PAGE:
In a bid to pull the throttle back on its prime-time ratings, NBC has carved out another hour for its hit competition series, The Voice.
Like American Idol before it, The Voice will now air in two weekly installments, beginning April 3. While the Monday night flagship will stay the course in the 8 p.m.-10 p.m. time slot, a one-hour results show will establish residency Tuesday nights at 9 p.m.
The additional hour of The Voice will shave 60 minutes off The Biggest Loser’s running time. NBC can afford to put Loser on a diet; now in its 12th season, the most recent episode drew just 6.03 million viewers and a 2.0 rating among adults 18-9.
The two-night format will run for six weeks, culminating in a two-hour season finale on Tuesday, May 8.
A glance at the Nielsen ratings suggests that a second helping of The Voice should find an audience. Far and away NBC’s most successful series (Sunday Night Football notwithstanding), The Voice is averaging 19.4 million viewers and a 7.5 rating in the all-important 18-49 demo.
Season 2 got underway on Feb. 5, leading out of the Super Bowl. Per Nielsen, The Voice opener averaged 37.6 million viewers and a 16.3 in the demo. When the Super Sunday edition is factored out, The Voice is delivering 16.3 million live-plus-same-day viewers and a whopping 6.1 in the dollar demo.
Live episodes of The Voice will begin airing Monday, April 2, continuing through the season finale. The added drama of live TV should not only draw a cohort of new fans, but boost ratings for lead-out Smash as well.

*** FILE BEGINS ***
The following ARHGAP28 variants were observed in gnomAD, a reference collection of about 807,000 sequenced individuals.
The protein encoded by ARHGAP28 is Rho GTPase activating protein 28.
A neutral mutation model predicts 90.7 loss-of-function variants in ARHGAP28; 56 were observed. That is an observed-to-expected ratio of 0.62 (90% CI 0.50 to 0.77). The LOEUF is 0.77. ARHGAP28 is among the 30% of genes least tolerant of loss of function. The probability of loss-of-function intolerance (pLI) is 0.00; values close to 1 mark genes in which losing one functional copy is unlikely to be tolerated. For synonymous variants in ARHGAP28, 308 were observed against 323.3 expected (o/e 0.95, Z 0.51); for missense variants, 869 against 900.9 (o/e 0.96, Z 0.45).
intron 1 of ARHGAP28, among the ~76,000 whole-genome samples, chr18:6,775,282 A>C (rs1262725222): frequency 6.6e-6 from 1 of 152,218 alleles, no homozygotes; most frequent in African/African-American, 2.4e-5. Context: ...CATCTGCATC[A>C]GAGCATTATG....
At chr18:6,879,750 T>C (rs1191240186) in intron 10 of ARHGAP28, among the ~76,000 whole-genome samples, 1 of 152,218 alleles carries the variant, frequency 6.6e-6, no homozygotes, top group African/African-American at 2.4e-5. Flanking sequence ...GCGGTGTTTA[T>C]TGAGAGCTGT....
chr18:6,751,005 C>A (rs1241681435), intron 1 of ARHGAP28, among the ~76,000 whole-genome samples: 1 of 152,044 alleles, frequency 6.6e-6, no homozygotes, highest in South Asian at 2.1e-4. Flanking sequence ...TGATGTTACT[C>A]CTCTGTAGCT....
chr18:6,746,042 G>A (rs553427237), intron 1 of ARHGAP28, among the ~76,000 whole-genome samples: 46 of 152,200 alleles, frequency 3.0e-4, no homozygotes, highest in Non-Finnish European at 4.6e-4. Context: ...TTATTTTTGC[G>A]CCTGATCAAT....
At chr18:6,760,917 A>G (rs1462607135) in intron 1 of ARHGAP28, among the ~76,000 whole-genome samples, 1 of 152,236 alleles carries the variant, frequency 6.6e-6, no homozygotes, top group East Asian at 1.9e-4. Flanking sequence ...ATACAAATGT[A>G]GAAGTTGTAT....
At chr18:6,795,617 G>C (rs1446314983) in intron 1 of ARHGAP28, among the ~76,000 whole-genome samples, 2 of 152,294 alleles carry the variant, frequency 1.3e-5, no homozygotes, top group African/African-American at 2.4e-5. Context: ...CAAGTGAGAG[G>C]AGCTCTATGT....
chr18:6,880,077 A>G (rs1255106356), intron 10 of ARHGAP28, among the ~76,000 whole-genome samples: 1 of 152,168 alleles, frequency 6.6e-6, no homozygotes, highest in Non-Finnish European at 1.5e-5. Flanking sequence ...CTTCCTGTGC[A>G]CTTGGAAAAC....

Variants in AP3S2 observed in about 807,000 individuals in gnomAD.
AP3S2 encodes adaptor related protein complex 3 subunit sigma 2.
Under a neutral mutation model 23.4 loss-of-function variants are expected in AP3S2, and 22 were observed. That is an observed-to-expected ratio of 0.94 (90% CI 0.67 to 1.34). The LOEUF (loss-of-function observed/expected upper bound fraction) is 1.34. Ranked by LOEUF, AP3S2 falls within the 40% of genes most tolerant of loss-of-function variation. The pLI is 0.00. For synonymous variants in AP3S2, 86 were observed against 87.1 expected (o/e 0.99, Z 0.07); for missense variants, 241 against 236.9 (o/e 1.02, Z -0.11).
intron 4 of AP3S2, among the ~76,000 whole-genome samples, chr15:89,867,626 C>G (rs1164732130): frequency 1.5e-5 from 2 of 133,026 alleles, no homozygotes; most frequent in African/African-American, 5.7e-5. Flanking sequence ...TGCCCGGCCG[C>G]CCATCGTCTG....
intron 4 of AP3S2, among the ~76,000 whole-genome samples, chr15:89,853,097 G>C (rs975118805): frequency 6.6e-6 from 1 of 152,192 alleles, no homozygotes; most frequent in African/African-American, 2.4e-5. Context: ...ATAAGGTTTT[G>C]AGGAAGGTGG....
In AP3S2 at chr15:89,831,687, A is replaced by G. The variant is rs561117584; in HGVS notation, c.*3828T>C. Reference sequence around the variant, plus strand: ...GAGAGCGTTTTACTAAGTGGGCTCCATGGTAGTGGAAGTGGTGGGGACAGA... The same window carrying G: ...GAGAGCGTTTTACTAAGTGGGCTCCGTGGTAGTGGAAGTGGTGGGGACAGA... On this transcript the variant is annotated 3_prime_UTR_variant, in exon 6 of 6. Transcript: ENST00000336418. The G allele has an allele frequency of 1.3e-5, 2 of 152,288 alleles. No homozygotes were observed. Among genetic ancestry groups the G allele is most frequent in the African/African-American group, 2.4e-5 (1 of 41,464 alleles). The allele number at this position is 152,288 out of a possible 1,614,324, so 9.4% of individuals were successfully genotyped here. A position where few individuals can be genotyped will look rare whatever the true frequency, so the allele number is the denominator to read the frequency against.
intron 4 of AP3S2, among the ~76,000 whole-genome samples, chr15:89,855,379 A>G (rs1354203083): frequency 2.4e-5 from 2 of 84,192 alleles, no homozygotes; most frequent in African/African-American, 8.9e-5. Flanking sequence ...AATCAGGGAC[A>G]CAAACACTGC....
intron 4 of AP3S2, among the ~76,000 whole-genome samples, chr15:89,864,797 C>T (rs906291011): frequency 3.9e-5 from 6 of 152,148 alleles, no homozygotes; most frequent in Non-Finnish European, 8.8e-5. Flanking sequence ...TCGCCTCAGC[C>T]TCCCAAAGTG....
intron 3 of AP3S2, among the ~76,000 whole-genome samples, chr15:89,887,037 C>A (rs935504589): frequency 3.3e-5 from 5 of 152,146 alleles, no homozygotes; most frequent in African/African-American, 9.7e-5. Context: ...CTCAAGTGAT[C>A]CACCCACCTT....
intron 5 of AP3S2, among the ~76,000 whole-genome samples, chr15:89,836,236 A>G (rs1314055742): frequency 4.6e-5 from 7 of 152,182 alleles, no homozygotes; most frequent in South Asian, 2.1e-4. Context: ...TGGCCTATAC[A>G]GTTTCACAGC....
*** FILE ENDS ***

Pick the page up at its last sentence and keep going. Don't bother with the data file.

After enduring a rough patch, Smash appears to be on the rebound. The musical on Monday (March 5) put up its biggest ratings in three weeks, averaging 7.76 million viewers and a 2.7 in the demo, a 17 percent improvement over the previous week’s deliveries.
If Smash continues on that course, it will almost certainly be renewed by NBC entertainment president Bob Greenblatt.
While much hay has been made about The Voice besting American Idol, the Fox show is still putting up huge numbers. Through 17 episodes, Idol is averaging 18 million viewers and a 5.8 in the 18-to-49 demo.
Comparisons between the two programs are essentially without merit as they do not meet in head-to-head competition. (Idol airs on Wednesdays and Thursdays.) It’s also worth noting that Idol is in its 11th season.
Idol certainly wins the CPM battle. Media buyers estimate that a 30-second spot in the Wednesday competition show costs north of $500,000, while a :30 in the results show runs around $470,000 a pop.
A spot in The Voice fetches as much as $215,000.
After The Voice signs off for the summer, NBC’s reality workhorse America’s Got Talent returns on May 14 and 15. Howard Stern joins Sharon Osbourne and Howie Mandel on the judge’s panel; the radio icon replaces CNN host Piers Morgan.
The Season 6 premiere of America’s Got Talent was the highest-rated in the show’s history, drawing 15.3 million viewers and a 4.3 rating on May 31, 2011.
Season to date, NBC ranks third in the 18-49 demo, averaging a 2.7 rating, up 7 percent versus last season. The Peacock leads ABC by two-tenths of a ratings point. Fox is tops in the demo, leading CBS by a 3.3-to-3.1 margin.